Dental Exam, Cleaning, and X-Rays for One or Two at Dunlap Dental Solutions (Up to 79% Off)

Angola

Value Discount You Save
$263 77% $202.50
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In a Nutshell

Dentist checks patients for cavities and signs of oral cancer before cleaning away residual plaque and tartar

The Fine Print

Promotional value expires 90 days after purchase. Amount paid never expires. Fluoride treatment available for an additional fee. Limit 2 per person, may buy 2 additional as gifts. Appointment required. Merchant's typical cancellation policy applies; (fees not to exceed voucher value). New patients only. Merchant is solely responsible to purchasers for the care and quality of the advertised goods and services.

Choose Between Two Options

  • $60.50 for a dental exam, cleaning, and series of bitewing and panoramic x-rays for one ($263 value)
  • $111 for the above package for two ($526 value)

Cavities: Portrait of an Enamel Assassin

One primary purpose of a dental appointment is checking for cavities. To learn exactly how they form, read on.

Cavities—also known as dental caries or simply tooth decay—form as the direct result of two interplaying factors: food and bacteria. As soon as 20 minutes after a meal, more than 500 types of bacteria begin to feast on any refined sugar or starch they can find, producing a potent acid as a byproduct. Tooth enamel is considered the hardest substance in the human body, but if left alone for extended periods, this acid can easily bore its way past the enamel and into the inner layers of the tooth, which house nerves, blood vessels, and minerals worth approximately 25 cents on the fairies' black market. Cavities can be difficult to notice in time—many don’t exhibit pain in the early stages of development, and they often occur in hard-to-clean spots, such as the small crevices on the top of molars. What's more, unlike a child's missing tooth, enamel doesn't grow back. Once it's gone, it's gone forever.

In a study conducted in Warwickshire, England, fossilized records showed that only 8% of people living in the Iron Age experienced tooth decay—a stark contrast to today’s 48%. Granted, blacksmiths might have been able to forge strong toothpicks, but there's a larger culprit to blame: the influx of carbohydrates, sugars, and processed foods that became more common in later humans' diets. To counter the increase in oral ailments, dentistry evolved from a field that relied solely on bare-knuckle boxing matches to one that delicately treats decay as it appears, most often by removing the acid-eaten portions of the tooth and rebuilding the structure with a cement filling or crown. As always, however, the best offense is a good defense—dentists recommend brushing daily and visiting the office twice a year to prevent cavities from even forming.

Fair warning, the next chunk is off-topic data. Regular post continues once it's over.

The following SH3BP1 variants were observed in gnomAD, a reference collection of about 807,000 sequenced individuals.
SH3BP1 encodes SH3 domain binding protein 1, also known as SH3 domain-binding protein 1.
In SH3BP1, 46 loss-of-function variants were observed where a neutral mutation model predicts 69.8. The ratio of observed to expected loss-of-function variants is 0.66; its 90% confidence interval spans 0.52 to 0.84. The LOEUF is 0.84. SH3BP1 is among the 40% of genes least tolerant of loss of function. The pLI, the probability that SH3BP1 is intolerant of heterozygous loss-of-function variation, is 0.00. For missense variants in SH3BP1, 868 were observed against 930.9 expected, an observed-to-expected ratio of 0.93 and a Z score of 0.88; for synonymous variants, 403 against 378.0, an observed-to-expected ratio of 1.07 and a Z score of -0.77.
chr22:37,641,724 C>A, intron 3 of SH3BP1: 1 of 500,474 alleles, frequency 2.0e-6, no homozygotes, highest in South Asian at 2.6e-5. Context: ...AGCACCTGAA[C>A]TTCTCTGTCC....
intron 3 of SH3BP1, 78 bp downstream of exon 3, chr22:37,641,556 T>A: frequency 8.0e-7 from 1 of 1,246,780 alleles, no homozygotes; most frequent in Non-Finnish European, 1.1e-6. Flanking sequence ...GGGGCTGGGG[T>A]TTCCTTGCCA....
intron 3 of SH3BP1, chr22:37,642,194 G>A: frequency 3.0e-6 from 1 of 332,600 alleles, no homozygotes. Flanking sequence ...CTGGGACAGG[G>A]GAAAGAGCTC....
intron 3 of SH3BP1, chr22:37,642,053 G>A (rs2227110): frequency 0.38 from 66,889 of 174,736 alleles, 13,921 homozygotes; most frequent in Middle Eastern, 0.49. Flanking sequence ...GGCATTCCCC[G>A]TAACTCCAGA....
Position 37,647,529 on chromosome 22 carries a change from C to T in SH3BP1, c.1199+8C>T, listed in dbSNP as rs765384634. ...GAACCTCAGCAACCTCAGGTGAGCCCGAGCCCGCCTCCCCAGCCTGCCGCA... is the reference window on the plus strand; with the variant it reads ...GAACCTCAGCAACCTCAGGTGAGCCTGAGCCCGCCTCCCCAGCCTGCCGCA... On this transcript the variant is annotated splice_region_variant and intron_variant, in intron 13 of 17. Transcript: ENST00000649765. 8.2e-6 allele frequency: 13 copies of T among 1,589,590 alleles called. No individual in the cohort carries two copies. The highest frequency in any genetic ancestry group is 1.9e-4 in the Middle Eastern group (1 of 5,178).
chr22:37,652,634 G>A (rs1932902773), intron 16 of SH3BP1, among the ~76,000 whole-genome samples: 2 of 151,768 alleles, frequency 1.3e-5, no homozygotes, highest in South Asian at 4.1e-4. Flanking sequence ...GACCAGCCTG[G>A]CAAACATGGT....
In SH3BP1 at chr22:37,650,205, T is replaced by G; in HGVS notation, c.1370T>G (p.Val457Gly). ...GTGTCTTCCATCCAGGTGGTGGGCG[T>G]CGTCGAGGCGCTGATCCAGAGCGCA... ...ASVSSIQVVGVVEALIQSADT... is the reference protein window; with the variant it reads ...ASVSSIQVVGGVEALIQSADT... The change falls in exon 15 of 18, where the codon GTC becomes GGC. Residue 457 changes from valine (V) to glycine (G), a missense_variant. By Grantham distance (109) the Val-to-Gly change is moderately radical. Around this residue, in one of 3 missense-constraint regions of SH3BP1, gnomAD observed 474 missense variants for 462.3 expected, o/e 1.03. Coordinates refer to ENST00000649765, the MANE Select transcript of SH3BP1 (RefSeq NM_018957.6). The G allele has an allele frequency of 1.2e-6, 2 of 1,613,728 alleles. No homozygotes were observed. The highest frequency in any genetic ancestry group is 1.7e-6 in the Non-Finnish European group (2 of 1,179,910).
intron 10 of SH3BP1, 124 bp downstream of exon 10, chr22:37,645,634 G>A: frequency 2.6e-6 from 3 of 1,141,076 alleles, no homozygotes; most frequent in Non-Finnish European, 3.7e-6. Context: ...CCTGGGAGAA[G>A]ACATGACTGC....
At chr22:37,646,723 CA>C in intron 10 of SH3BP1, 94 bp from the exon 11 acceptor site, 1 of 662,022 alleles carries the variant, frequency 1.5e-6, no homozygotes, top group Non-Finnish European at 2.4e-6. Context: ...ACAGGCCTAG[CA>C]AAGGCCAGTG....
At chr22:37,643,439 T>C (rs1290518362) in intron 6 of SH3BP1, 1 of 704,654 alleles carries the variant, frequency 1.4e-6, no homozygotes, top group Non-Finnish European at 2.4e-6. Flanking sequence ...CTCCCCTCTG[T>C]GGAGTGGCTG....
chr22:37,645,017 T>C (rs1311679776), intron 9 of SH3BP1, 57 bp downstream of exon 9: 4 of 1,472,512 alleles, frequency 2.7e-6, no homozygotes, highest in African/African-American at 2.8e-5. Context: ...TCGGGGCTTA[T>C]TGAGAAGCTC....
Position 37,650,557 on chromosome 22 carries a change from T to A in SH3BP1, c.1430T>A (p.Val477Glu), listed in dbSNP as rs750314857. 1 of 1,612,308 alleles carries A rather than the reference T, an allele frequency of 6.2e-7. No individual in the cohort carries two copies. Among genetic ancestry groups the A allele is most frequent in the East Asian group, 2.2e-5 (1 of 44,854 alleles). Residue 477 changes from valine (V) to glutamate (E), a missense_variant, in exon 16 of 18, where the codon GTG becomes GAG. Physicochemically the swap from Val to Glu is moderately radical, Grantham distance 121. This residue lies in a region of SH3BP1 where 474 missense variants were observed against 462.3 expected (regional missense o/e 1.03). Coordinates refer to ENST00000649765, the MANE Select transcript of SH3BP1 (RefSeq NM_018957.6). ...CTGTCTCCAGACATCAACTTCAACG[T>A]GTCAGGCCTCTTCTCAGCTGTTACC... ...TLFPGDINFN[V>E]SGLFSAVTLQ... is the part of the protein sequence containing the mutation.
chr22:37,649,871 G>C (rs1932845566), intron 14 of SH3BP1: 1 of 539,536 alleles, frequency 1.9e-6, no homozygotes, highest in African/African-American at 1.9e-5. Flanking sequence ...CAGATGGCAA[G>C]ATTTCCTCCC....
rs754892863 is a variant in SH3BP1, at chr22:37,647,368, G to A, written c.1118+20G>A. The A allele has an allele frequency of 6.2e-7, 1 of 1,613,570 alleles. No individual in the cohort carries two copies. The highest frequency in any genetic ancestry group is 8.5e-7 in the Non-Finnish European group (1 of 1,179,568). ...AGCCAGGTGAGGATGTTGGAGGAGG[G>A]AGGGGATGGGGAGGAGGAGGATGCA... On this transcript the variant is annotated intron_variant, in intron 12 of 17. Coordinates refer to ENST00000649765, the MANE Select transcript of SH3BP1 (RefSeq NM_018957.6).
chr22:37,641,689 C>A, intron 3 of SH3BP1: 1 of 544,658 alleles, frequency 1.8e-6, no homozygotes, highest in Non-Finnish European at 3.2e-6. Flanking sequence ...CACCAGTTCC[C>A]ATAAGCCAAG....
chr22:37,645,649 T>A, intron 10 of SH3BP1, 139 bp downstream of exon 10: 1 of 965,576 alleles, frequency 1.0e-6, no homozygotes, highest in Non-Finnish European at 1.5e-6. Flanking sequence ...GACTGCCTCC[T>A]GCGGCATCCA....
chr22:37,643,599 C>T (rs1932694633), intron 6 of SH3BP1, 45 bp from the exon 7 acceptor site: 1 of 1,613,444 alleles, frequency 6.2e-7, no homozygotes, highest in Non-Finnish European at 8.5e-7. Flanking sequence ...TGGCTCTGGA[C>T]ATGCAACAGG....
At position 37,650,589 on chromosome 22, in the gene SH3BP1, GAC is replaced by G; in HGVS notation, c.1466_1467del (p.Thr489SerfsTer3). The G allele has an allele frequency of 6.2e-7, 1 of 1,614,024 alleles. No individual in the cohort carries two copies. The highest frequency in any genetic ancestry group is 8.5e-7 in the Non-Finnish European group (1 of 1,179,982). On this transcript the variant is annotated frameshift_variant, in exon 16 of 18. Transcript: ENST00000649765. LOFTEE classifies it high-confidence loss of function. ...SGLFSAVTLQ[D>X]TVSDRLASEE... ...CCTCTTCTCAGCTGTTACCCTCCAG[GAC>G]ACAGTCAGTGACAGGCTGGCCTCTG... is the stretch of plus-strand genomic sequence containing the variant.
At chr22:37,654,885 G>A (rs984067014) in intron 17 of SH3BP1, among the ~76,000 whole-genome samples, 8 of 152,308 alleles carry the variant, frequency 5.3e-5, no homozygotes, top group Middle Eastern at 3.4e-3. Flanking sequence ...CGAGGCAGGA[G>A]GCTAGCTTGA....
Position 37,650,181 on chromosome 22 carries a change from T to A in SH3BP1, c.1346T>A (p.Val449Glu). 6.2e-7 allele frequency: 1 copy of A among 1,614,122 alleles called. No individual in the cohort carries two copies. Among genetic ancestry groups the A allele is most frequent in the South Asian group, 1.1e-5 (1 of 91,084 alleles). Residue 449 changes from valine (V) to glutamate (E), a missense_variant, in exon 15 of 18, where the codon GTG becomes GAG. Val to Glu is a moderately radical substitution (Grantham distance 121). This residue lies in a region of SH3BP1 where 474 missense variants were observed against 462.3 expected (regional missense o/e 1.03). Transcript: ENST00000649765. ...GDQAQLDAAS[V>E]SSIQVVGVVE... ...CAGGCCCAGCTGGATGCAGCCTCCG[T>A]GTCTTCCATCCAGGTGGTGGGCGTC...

Customer Reviews

My hygienist was soooo awesome. She was great at her job, professional, had a laugh, and didn't cause any pain. Didn't see the dentist long, but it's a nice place.
Jolina D. · July 18, 2017
Friendly, prompt service and very professional.
Misty J. · April 17, 2017
Dunlap was a very good experience. The staff were very pleasant and the hygienist was excellent. I told her my teeth are sensitive and she was careful to be gentle. The dentist was very helpful and nice. I recommend them very highly.
Elizabeth L. · February 15, 2017

By purchasing this deal you'll unlock points which can be spent on discounts and rewards. Every 5,000 points can be redeemed for $5 Off your next purchase.